Sex lives trashed, urine infections so bad the burning is unbearable, many becoming dangerously resistant to antibiotics, spiraling closer to sepsis risk.
We are seeing a growing number of women speak out about the affect this had on the mental health and wellbeing of their children. Young people have had to become carers as women loses the ability to raise their young ones. Teenagers feeling confusion and anger at what has happened to their parent. Paying the ultimate price are some of these women’s daughters, who are self-harming, watching their mums become shadows of their former selves.
The women too are self-harming, taking razors or knives to their arms to slash out their frustration. One woman took a piece of broken glass to try to cut out her mesh implant from her vagina – such was the level of her pain, anxiety and distress at not receiving help.
All because they had incontinence or prolapse, usually from having babies. What a terrible price to pay for being a mum.
Add to this the huge scale of institutional denial by surgeons, who signed an oath to do no harm.
Over and over again, women join my support group saying their surgeon vehemently denied that their new pains and shattered lives had anything to do with their mesh implant operation. Instead, they blame it on host of other issues including back pain, menopause, endometriosis, IBS. One woman was sent for a hip replacement, another had her gall bladder removed. Did it fix the pain? Of course not.
I’ve heard other stories of pain being blamed on depression, or bruising that needs to settle (the operation had been over a year previously). In Dubai, a woman was told by an angry consultant that she was making it up to get out of her household chores.
One surgeon, Paul Hilton, says it is “highly regrettable” that the TVT was launched on the basis of virtually no evidence. It’s a throwaway empty apology from a retired gynaecologist, who ran the first and biggest trial comparing the old fashioned Burch colposuspension to the shiny new TVT mesh sling in 2002.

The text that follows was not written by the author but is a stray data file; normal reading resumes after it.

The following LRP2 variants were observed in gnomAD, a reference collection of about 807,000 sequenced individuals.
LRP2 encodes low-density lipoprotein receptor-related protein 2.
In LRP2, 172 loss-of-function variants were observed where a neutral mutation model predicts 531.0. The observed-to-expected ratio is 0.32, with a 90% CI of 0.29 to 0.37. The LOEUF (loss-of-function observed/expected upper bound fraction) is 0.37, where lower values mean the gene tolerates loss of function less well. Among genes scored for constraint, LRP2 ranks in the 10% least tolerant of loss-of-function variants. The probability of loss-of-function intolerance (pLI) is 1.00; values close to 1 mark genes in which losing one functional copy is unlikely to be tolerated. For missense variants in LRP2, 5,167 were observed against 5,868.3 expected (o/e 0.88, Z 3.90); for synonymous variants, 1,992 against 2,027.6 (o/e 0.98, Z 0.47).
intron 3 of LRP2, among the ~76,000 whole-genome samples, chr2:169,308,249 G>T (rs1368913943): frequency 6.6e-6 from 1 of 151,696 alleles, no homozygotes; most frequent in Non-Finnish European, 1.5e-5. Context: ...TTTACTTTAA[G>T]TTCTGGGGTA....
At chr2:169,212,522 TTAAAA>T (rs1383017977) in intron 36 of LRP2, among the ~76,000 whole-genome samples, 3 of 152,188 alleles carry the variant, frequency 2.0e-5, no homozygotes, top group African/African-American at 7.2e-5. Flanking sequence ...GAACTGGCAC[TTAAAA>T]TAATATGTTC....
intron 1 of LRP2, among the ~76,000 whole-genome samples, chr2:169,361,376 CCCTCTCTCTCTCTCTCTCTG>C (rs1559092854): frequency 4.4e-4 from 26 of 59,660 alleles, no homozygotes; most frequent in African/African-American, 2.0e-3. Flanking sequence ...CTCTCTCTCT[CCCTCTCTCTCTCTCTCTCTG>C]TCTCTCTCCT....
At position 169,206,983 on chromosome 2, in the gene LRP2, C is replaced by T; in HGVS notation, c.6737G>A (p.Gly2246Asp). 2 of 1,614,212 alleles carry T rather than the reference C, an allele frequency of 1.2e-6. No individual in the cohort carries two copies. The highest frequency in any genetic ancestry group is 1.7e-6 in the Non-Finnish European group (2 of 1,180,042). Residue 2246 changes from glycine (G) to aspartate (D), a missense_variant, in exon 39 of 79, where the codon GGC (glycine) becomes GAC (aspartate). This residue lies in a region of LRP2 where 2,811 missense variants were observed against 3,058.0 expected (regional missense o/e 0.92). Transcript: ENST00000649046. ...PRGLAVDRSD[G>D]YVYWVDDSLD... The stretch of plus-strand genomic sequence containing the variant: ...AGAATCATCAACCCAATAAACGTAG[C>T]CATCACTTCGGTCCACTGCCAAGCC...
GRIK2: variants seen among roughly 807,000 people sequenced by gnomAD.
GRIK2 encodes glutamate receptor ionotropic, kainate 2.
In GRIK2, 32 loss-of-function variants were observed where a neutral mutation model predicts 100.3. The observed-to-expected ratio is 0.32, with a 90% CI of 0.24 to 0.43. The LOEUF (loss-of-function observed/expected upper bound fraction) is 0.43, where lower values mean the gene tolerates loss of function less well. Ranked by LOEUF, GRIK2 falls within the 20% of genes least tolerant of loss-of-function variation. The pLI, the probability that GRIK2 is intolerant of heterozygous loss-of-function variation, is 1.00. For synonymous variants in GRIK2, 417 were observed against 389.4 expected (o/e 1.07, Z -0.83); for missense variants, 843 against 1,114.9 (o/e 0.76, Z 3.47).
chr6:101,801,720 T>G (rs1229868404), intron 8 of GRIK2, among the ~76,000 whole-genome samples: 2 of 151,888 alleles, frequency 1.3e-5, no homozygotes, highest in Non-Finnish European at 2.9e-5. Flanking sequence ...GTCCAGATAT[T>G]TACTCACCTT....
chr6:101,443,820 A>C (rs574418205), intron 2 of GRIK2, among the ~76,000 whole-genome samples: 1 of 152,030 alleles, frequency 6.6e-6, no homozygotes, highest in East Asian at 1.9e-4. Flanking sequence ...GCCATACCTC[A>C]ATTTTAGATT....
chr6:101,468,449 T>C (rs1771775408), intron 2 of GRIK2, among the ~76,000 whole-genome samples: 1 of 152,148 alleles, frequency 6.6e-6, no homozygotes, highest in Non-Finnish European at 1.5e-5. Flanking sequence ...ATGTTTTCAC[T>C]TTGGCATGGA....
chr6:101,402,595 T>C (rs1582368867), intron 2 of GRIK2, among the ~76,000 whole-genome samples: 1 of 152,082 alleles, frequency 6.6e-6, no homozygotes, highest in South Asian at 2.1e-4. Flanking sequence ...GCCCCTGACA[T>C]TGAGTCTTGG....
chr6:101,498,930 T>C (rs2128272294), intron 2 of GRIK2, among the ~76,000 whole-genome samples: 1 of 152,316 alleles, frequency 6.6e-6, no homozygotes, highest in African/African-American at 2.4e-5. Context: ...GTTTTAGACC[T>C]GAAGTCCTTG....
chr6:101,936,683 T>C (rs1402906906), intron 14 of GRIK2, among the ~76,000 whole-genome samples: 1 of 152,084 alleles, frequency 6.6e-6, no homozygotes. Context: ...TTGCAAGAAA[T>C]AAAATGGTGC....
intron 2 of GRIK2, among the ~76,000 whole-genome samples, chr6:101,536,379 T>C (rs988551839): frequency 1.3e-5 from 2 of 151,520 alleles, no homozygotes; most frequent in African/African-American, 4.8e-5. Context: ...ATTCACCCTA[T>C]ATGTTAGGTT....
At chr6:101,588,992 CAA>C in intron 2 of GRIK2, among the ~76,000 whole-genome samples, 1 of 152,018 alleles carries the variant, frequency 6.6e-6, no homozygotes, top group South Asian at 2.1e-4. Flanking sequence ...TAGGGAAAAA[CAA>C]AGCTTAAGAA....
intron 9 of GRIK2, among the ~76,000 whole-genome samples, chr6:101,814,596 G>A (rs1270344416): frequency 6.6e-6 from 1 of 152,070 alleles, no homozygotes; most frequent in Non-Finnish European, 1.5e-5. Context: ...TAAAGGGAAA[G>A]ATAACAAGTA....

His study with Karen Ward, now a trusted removal surgeon in Manchester, put the boot into the old fashioned Burch. Without this study the Burch would have probably moved on to being perfected via a key hole approach.
Instead, this research looked at how many Tena pads women used after their operation and their speed of recovery, as opposed to asking about new long-term pain or complications. It failed to capture the impending doom of mesh. The research was sponsored by Johnson and Johnson – the very people making the TVT mesh. Marking their own exam papers by proxy? I would say so.
The study is yet to report 10 year outcomes. I doubt this will happen. Mesh is made of plastic. It can shrink, curl up at the edges, twist; fragments can fall off. It can take years for problems to cut in so, by the time a decade is up, we as patient safety campaigners know that the TVT will fare much worse in terms of women’s suffering.
Where is the ban the Burch movement? It does not exist. Yet globally there are scores of mesh campaign groups, full of women suffering from an operation that was supposed to improve quality of life – but instead has totally decimated it.